Americons

Art to love and hate the U.S. by

Look out for the 22-foot blonde with the boob job!

She's part of Phoenix artist Hector Ruiz's room-size installation Westernization, a tragicomic take on America's image in the world, and part of his "La Realidad (Reality)" show opening Friday, July 1, at the Heard Museum.

"America is so appealing to the rest of the world," Ruiz says, as he puts the finishing touches on the papier-mâché über-blonde in his un-air-conditioned Grand Avenue studio/gallery The Chocolate Factory on a recent 110-degree afternoon. This is a man unafraid of sweating for his art. "But the things that are appealing are so in your face, so harsh."

Hector Ruiz gives us another way to see "Reality."
courtesy of Heard Museum
Hector Ruiz gives us another way to see "Reality."

Details

Opens Friday, July 1, with a free wine-and-chocolate reception from 6 to 8 p.m. Admission is free on opening night, and costs $5 to $10 afterwards. The exhibit runs through March 2006. Call 602-252-8848.
Heard Museum, 2301 North Central Avenue

Like the King Kong blonde, who clutches a tiny, hapless businessman in her manicured hands. Misogyny? Nah, because no one in this tableau comes off as noble. Not the lasso-wielding Dubya-esque cowboy straddling the airplane piloted by Jesus. Nor the Stetson-hatted Hoss who sits behind him, clutching a missile as if it were a spear. Not even the Statue of Liberty gets off Ruiz's hook. In his version, Lady Liberty's foot is raised as if she's about to kick the shit out of the huddled masses yearning to be free.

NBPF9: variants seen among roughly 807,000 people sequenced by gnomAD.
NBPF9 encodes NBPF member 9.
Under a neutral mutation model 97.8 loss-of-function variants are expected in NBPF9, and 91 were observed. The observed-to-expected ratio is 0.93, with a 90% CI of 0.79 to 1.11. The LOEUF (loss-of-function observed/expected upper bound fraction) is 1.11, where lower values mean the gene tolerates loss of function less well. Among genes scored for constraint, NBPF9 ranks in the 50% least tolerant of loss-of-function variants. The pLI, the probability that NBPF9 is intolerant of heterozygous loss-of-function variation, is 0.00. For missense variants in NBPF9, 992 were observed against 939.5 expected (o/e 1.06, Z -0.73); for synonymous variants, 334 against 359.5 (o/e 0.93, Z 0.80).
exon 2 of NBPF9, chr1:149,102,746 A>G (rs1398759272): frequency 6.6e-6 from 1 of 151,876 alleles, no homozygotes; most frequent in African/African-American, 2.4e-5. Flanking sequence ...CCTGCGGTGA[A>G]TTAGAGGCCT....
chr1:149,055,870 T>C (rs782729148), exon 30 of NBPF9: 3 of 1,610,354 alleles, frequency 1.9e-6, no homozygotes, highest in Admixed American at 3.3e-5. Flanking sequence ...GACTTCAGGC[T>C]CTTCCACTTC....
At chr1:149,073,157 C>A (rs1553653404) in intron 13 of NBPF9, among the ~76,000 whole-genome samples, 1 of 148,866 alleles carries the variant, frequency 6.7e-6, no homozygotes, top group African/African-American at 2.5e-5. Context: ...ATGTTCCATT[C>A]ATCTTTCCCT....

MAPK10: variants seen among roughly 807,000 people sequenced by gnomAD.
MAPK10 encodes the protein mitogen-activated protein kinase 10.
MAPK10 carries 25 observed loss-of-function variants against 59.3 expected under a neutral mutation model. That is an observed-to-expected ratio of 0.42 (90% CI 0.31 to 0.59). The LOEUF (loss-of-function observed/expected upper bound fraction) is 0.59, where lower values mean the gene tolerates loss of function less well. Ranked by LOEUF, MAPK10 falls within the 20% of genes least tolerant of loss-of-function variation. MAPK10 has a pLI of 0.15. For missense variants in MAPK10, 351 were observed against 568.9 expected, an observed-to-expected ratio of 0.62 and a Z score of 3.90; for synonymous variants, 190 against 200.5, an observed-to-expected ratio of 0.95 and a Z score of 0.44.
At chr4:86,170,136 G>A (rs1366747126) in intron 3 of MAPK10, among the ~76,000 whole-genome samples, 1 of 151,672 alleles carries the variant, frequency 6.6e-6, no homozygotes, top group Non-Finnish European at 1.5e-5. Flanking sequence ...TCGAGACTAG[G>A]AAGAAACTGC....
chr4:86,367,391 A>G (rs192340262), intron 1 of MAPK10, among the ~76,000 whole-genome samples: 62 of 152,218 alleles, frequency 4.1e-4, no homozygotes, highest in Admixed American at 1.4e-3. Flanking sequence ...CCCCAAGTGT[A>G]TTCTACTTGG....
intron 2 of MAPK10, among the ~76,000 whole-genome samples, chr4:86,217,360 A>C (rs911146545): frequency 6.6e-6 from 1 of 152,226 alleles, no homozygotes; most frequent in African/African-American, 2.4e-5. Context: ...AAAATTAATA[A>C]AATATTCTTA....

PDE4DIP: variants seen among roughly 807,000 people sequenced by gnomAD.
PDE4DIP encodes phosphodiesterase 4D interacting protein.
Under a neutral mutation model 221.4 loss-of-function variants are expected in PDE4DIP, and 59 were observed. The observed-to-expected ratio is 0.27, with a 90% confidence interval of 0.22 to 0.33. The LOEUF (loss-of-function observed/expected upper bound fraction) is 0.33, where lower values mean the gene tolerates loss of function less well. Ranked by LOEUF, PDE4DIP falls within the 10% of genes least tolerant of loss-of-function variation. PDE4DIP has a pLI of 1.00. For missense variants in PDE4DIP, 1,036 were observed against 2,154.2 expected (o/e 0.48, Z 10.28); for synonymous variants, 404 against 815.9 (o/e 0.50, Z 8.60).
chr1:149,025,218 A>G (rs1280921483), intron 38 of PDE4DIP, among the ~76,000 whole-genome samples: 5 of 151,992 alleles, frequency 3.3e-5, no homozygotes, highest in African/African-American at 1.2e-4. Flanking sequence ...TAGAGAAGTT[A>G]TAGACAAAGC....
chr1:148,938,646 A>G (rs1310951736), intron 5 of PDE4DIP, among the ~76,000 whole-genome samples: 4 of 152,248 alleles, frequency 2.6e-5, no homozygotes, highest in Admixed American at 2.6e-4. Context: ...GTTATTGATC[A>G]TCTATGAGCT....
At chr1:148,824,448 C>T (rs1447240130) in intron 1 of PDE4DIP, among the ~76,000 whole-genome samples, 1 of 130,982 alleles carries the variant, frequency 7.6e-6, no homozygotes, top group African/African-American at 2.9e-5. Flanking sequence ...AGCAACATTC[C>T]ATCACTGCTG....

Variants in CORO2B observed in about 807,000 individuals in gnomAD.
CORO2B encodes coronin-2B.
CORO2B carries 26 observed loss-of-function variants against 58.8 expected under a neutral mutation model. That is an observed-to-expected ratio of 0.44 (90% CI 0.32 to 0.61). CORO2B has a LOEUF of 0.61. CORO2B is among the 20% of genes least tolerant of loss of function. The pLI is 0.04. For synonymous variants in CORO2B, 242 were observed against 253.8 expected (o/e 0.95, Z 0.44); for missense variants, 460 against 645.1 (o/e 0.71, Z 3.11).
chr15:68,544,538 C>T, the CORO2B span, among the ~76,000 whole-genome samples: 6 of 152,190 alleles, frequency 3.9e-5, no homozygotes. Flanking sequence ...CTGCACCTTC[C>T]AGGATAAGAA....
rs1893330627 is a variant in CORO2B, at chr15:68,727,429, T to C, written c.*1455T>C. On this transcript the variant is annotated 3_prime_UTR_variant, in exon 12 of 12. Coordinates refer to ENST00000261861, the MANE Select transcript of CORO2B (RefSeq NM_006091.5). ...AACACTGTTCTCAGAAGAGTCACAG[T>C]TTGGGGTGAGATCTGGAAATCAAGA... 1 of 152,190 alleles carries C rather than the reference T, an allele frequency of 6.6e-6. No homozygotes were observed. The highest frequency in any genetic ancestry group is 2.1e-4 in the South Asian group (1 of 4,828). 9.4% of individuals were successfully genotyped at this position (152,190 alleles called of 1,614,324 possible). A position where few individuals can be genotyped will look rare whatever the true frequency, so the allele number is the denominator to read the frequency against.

Ruiz, 34, says his take on his native land comes from spending two years abroad and experiencing a sort of reverse culture shock when he returned home. He says he could suddenly see Americans the way the rest of the world sees us. "There's this arrogant American [persona] that comes across as stubborn and unbending," says Ruiz.

"La Realidad (Reality)" includes 21 pieces of Ruiz's work, including block prints, mixed-media pieces and woodcarvings. There will be some interactive pieces, too, so you'll be able to touch the art, which is always more fun than just looking at it while a museum guard gives you the stink-eye.

 
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